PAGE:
C#: Does dispose run when you are returning inside a using block?

Consider the code below. I wanted to confirm that the dispose method on an idisposable object got executed when you returned within an using statement. The anwser is yes: the dispose method runs before execution is passed to the caller method.

class Program
{
    static void Main(string[] args)
    {
        Console.WriteLine(callTestUsing.testUsing());
    }
}
public class callTestUsing
{
    public static string testUsing()
    {
        using (MyDisposingClass myDispose = new MyDisposingClass())
        {
            return "Return from testusing";
        }
    }
}
public class MyDisposingClass : IDisposable 
{
    public void Dispose()
    {
        Console.WriteLine("Disposing");
    }
}

SharePoint: Closing SPWeb and SPSite objects

Within both SharePoint 2003 and 2007, SPWeb objects need to be explicitly closed or disposed of. I believe this is because SPWeb and SPSite object use unmanaged code, so .net garbage collection doesn’t ensure that such objects are removed from memory. If you don’t close these, you will get a memory leak.
On the majority of blog articles I have seen (and some msdn documentation e.g. http://msdn2.microsoft.com/en-us/library/ms473155.aspx), closing / disposal of SPWeb and SPSite objects does not occur. I can only speculate that this is because the memory leak encountered is not noticable, unless you are creating a lot of these objects.

SPSite mySite = new SPSite(mySiteUrl);
SPWeb myWeb = mySite.OpenWeb();
try
{
    // Do something...
}
finally
{
    if (myWeb != null)
    {
        myWeb.Close();
    }
    if (mySite != null)
    {
        mySite.Close();
    }
}

Alternatively, as SPSite and SPWeb implement IDisposable, you can use the Dispose method instead of the close method, or use a using block (which implicitly calls the Dispose method):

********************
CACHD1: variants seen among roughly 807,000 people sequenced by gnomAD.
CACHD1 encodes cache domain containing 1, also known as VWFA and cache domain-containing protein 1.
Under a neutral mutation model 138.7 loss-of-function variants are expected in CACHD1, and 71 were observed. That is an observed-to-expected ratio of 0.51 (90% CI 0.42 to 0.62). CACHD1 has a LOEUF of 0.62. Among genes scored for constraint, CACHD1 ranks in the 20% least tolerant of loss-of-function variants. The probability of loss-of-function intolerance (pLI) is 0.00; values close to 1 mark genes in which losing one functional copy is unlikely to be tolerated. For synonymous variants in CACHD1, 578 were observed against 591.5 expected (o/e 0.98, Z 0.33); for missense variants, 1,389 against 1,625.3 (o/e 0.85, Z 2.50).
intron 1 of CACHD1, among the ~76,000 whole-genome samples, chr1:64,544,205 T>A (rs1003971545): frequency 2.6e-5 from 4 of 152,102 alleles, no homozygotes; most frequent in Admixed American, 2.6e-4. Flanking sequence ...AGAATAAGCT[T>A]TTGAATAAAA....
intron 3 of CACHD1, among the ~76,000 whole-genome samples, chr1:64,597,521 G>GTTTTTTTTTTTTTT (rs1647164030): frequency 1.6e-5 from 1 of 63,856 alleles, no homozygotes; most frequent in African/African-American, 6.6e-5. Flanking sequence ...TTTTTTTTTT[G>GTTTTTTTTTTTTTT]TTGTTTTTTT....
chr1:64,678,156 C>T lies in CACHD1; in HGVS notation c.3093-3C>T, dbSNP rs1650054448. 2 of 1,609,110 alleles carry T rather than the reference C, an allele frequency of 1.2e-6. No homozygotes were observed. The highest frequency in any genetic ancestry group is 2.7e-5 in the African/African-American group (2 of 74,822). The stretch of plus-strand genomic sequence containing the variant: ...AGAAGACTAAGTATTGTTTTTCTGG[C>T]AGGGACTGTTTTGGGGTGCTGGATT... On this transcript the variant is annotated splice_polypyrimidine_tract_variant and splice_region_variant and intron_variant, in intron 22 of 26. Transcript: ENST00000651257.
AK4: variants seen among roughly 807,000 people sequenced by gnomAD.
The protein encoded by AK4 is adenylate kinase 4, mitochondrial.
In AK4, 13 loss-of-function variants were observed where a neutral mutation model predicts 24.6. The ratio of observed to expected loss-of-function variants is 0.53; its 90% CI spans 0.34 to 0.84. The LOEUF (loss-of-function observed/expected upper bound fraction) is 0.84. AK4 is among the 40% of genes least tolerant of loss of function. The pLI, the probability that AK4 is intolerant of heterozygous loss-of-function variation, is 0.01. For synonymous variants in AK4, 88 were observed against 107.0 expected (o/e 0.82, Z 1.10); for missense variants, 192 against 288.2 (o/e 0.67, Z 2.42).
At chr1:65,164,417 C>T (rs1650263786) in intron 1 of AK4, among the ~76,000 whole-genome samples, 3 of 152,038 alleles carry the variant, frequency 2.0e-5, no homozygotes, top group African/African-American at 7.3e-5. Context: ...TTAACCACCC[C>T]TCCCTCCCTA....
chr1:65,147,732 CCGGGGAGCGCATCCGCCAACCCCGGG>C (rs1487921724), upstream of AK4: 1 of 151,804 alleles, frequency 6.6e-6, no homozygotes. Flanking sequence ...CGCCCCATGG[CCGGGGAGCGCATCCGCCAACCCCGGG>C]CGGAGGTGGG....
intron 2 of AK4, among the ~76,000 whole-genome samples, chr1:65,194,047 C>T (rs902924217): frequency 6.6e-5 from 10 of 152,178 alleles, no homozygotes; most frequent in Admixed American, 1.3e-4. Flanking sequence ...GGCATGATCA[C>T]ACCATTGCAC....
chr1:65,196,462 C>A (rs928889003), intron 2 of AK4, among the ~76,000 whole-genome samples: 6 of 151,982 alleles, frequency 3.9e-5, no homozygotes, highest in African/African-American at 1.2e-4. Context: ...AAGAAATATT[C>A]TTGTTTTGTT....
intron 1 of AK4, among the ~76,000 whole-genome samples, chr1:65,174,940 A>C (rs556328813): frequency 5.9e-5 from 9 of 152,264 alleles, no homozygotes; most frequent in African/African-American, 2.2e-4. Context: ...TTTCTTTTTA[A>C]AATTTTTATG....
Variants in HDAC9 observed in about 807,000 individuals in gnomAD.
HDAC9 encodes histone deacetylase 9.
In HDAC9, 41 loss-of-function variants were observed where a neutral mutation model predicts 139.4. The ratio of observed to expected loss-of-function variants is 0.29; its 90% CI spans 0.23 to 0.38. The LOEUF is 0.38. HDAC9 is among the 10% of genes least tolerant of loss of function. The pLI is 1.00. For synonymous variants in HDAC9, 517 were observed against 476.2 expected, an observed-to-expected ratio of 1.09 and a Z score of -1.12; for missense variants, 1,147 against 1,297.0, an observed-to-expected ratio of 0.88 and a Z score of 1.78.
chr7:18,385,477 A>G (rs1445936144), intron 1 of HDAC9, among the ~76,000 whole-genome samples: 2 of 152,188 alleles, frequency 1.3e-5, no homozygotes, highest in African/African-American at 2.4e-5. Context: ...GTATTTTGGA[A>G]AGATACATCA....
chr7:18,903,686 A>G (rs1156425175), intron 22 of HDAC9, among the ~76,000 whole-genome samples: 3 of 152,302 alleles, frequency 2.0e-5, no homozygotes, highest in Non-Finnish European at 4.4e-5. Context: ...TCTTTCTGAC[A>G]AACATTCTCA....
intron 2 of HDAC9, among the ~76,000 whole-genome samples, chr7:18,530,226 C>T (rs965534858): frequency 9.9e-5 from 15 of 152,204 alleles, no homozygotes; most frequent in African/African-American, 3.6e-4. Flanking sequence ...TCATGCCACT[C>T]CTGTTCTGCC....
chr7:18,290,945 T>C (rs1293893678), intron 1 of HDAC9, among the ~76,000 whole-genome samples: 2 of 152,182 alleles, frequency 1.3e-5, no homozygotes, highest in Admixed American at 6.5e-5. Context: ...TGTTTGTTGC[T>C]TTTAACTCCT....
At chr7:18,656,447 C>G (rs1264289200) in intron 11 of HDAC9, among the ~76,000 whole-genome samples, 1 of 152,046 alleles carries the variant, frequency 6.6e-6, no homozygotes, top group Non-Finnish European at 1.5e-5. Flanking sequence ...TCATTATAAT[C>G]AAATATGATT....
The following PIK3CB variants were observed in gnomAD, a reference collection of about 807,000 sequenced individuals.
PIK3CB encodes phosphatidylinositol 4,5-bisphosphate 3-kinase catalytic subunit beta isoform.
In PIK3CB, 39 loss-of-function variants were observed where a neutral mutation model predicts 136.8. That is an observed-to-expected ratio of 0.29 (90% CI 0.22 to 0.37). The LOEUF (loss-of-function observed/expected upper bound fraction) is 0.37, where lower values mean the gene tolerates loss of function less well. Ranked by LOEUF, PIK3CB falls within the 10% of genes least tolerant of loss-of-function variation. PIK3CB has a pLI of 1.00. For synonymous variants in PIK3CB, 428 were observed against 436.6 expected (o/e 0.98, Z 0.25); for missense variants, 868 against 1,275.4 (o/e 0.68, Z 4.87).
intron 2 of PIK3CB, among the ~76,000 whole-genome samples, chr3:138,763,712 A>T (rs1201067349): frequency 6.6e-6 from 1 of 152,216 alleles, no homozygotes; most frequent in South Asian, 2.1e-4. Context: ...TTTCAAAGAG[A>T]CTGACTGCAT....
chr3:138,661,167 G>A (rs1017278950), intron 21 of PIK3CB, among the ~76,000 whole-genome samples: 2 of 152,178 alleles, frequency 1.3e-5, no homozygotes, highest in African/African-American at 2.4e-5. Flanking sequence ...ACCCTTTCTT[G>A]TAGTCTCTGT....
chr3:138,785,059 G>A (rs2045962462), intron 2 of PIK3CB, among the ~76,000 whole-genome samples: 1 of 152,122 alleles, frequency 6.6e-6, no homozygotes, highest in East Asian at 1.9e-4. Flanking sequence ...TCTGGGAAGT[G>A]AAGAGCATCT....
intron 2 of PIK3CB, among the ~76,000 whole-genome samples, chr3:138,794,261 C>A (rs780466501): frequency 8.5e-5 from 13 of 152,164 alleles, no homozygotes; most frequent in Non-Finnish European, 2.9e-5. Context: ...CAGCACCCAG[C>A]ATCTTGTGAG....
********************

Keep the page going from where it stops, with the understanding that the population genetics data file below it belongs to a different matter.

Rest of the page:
using (SPSite mySite = new SPSite(mySiteUrl))
{
    using (SPWeb myWeb = mySite.OpenWeb())
    {
        // Do something here ...
    }
}

See http://msdn2.microsoft.com/en-us/library/ms778813.aspx for more info. Also note that an SPList object does not have a close method.

C#: Using An Embedded Resource

Quicknote: To embed resources in an assembly you need to add the resource to the project and set the resources build action property to “Embedded Resource”. I normally add resources to a seperate folder named myresources (hence the myresources part of the manifestResource string in the example below). To access the resource use the following code (note the manifest resource string is case sensitive and is of the form namespace.folder.resourcename):

using System;
using System.Reflection;
using System.IO;
namespace embeddedresourcestest
{
    class Program
    {
        static void Main(string[] args)
        {
            string manifestResource = "embeddedresourcestest.myresources.myresource.txt"; 
            Assembly _assembly = Assembly.GetExecutingAssembly();
            Stream myStream = _assembly.GetManifestResourceStream(manifestResource);
            StreamReader textStreamReader = new StreamReader(myStream);
            Console.Write(textStreamReader.ReadToEnd()); 
        }
    }

ASP.NET: Getting Context

Reminder: Normally, in asp.net you get context from the current page object, however this is not always possible (e.g. if you are coding a separate dll that does not implicitly have context). To get context from the caller within the dll, HttpContext.Current. The example below shows mapping an image url to a filepath.

filePath = System.Web.HttpContext.Current.Server.MapPath(imgUrl);